Congress, the media, and the public are rightly asking whether America should be spending $1 billion or more on the intervention in Libya at a time of fiscal austerity. One member of Congress has even proposed that the mission be offset dollar for dollar by cuts in domestic programs (leaving the Pentagon and related security programs off limits). While this newfound attention to the costs of U.S. global military operations is welcome, focusing on Libya alone misses the mark. The $1 billion in projected spending on Libya is just one tenth of one percent of the over $1 trillion the United States has spent so far on the wars in Iraq and Afghanistan. Looked at another way, the likely costs of the Libyan mission are the equivalent of less than four days of spending on the war in Afghanistan. And that's the point. Those genuinely concerned about war costs need to go where the money is -- Afghanistan. The Pentagon has asked for $113 billion to fight the war there for this year, roughly two and one-half times what has been requested to support the United States' dwindling commitment in Iraq. That gap will only increase as troop numbers in Iraq continue to fall. To put this in some perspective, the entire Gross Domestic Product of Afghanistan is about $29 billion per year, which means that annual U.S. expenditures on the war are nearly four times the value of the entire Afghan economy. That number would obviously change if the drug economy were taken into account, but it is stunning nonetheless. The tax dollars being spent on Afghanistan are enough to offset the $100 billion per year that House Republicans are seeking to cut from next year's budget, or enough to fill the projected budget gaps of the 44 states that expect to run deficits in 2012. In other words, if the Afghan war ended and the funds allocated for it were returned to the states, no state in America would run a deficit next year. This would save millions of jobs of teachers, police, firefighters and other public employees while holding the line on basic services like Medicaid and income support for families in poverty. This would in turn be good for the economy as a whole. Military spending creates fewer jobs than virtually any other form of expenditure, from education to housing to transportation. So shifting funds away from war spending will result in a net increase in jobs nationwide.
But the dollar costs of the war in Afghanistan are not the only - or even the most important - consequences of the war. More than 1,500 U.S. soldiers have died since the start of the war, with nearly one-third of those deaths - 499 - occurring in 2010 alone. Nearly 10,000 U.S. troops have been wounded, with more than half of that total occurring in 2010. The figures on wounded military personnel don't take full account of traumatic brain injuries, which have been sustained by roughly one in five veterans of Iraq and Afghanistan. These injuries cover everything from mild concussions to seriously debilitating conditions requiring full-time care. The rapid increase in deaths and injuries to U.S. military personnel caused by the Afghan war is primarily attributable to two factors: 1) the sharp increase in troops deployed, from 45,000 in May 2009 to 98,000 currently; and 2) the increase in incursions into Taliban-controlled areas where soldiers are more vulnerable to ambush and roadside bombs or improvised explosive devices (IEDs). As tragic as the figures for U.S. casualties are, they lag behind the deaths suffered by Afghan civilians as a result of the war. The United Nations estimates that over 2,700 Afghan civilians were killed in 2010 alone, for a total of six or seven every day. Over two-thirds of these deaths are as a result of actions by the Taliban, with 440 the result of action by U.S.-led coalition forces. To put that in perspective, nearly as many civilians died as a result of coalition actions in 2010 as did U.S. military personnel involved in combat. Finally, there is the issue of suicides by U.S. troops involved in Iraq and Afghanistan. They have more than doubled since 2001, with 817 occurring during the first eight years of the war. In some months more U.S. military personnel have died from suicides than have died on the battlefield. While not all of these suicides are necessarily directly attributable to the wars, it is fair to assume that the bulk of them are, with one factor being multiple deployments within short time periods. These deployments mean that soldiers suffer longer exposures to the horrors of war, and put more strain on their families. Again, these must be major factors in the rise in suicides, although not the only ones.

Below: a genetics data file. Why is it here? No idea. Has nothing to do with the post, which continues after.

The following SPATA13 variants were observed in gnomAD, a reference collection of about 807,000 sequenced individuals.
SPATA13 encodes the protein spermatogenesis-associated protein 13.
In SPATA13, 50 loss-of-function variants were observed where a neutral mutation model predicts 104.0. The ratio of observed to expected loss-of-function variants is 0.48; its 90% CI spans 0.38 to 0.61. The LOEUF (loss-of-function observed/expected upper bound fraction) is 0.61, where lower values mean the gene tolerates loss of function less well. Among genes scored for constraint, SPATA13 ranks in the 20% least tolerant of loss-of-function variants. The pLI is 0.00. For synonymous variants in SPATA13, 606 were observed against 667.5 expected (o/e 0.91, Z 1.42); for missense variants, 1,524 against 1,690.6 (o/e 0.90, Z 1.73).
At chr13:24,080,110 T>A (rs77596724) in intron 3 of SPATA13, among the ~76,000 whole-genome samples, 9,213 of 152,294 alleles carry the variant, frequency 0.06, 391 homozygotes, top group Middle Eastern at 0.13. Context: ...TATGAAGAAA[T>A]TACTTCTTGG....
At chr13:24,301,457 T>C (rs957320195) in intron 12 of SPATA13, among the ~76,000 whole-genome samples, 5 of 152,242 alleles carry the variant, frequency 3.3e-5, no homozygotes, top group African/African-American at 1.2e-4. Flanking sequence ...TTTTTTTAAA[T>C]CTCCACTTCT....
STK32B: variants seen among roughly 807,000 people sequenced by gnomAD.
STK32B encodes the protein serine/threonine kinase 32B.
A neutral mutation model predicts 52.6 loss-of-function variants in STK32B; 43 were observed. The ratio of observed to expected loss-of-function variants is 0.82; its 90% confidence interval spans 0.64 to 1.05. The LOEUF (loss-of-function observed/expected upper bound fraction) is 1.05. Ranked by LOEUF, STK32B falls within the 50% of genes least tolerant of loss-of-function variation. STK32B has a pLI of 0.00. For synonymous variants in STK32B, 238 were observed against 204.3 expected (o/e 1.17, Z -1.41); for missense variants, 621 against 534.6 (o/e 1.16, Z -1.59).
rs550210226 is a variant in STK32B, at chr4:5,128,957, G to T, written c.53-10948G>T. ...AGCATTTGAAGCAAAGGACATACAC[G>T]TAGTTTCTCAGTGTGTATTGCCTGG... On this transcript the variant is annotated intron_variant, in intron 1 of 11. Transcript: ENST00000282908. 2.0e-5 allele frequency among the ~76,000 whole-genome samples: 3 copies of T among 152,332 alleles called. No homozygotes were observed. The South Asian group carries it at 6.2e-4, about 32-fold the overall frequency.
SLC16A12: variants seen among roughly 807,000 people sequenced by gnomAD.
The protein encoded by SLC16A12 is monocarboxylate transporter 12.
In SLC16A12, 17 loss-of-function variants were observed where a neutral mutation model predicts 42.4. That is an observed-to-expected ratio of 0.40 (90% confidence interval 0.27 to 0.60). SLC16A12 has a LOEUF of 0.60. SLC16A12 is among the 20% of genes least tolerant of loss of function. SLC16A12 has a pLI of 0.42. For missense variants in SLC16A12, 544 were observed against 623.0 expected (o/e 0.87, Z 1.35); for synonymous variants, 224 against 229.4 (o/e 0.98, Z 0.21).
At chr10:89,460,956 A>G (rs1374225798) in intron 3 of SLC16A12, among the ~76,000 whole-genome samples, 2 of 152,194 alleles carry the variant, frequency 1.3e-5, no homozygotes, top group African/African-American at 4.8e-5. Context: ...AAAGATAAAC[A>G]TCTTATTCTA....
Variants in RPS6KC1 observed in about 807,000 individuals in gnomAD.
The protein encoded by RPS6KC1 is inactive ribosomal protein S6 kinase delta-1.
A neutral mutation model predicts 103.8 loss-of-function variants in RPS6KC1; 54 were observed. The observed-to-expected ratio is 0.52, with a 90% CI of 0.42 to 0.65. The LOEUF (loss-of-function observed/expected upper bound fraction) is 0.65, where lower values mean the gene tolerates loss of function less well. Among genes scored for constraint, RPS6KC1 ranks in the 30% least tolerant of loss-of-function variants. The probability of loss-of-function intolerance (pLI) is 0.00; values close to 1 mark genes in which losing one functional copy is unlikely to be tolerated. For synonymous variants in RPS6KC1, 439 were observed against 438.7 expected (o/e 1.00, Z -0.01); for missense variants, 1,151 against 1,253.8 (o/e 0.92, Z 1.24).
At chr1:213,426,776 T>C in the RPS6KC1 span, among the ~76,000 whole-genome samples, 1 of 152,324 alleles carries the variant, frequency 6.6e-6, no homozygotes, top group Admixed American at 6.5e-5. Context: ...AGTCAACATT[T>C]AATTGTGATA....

The Bottom Line
Although there are occasional reports on the economic and human costs of the Afghan war in major media outlets, they are not done on the kind of consistent and comprehensive basis that would drive home the costs to the average citizen. Public opinion is already turning against the war. If people knew its true costs the scale of the opposition would grow dramatically.
William D. Hartung is the director of the Arms and Security Project at the Center for International Policy and the author of Prophets of War: Lockheed Martin and the Making of the Military-Industrial Complex (Nation Books, 2011).
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